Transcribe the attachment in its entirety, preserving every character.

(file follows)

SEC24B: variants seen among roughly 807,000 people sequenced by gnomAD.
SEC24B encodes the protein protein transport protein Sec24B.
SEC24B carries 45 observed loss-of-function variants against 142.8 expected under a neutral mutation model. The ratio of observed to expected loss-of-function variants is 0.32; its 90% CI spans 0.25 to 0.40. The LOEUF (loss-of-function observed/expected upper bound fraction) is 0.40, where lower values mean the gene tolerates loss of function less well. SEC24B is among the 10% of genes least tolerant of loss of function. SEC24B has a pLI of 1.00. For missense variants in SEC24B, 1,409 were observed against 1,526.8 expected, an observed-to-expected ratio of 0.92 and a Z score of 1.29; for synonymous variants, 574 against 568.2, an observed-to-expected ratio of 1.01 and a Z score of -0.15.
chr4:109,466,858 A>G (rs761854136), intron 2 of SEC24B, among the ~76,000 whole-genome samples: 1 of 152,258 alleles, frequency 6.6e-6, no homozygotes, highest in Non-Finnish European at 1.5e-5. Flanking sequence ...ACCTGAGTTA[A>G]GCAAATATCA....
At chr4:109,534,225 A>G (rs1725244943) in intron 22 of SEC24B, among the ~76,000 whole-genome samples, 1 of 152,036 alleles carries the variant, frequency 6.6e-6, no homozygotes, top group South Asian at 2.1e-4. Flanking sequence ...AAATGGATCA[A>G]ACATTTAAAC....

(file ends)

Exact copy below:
SEC24B: variants seen among roughly 807,000 people sequenced by gnomAD.
SEC24B encodes the protein protein transport protein Sec24B.
SEC24B carries 45 observed loss-of-function variants against 142.8 expected under a neutral mutation model. The ratio of observed to expected loss-of-function variants is 0.32; its 90% CI spans 0.25 to 0.40. The LOEUF (loss-of-function observed/expected upper bound fraction) is 0.40, where lower values mean the gene tolerates loss of function less well. SEC24B is among the 10% of genes least tolerant of loss of function. SEC24B has a pLI of 1.00. For missense variants in SEC24B, 1,409 were observed against 1,526.8 expected, an observed-to-expected ratio of 0.92 and a Z score of 1.29; for synonymous variants, 574 against 568.2, an observed-to-expected ratio of 1.01 and a Z score of -0.15.
chr4:109,466,858 A>G (rs761854136), intron 2 of SEC24B, among the ~76,000 whole-genome samples: 1 of 152,258 alleles, frequency 6.6e-6, no homozygotes, highest in Non-Finnish European at 1.5e-5. Flanking sequence ...ACCTGAGTTA[A>G]GCAAATATCA....
At chr4:109,534,225 A>G (rs1725244943) in intron 22 of SEC24B, among the ~76,000 whole-genome samples, 1 of 152,036 alleles carries the variant, frequency 6.6e-6, no homozygotes, top group South Asian at 2.1e-4. Flanking sequence ...AAATGGATCA[A>G]ACATTTAAAC....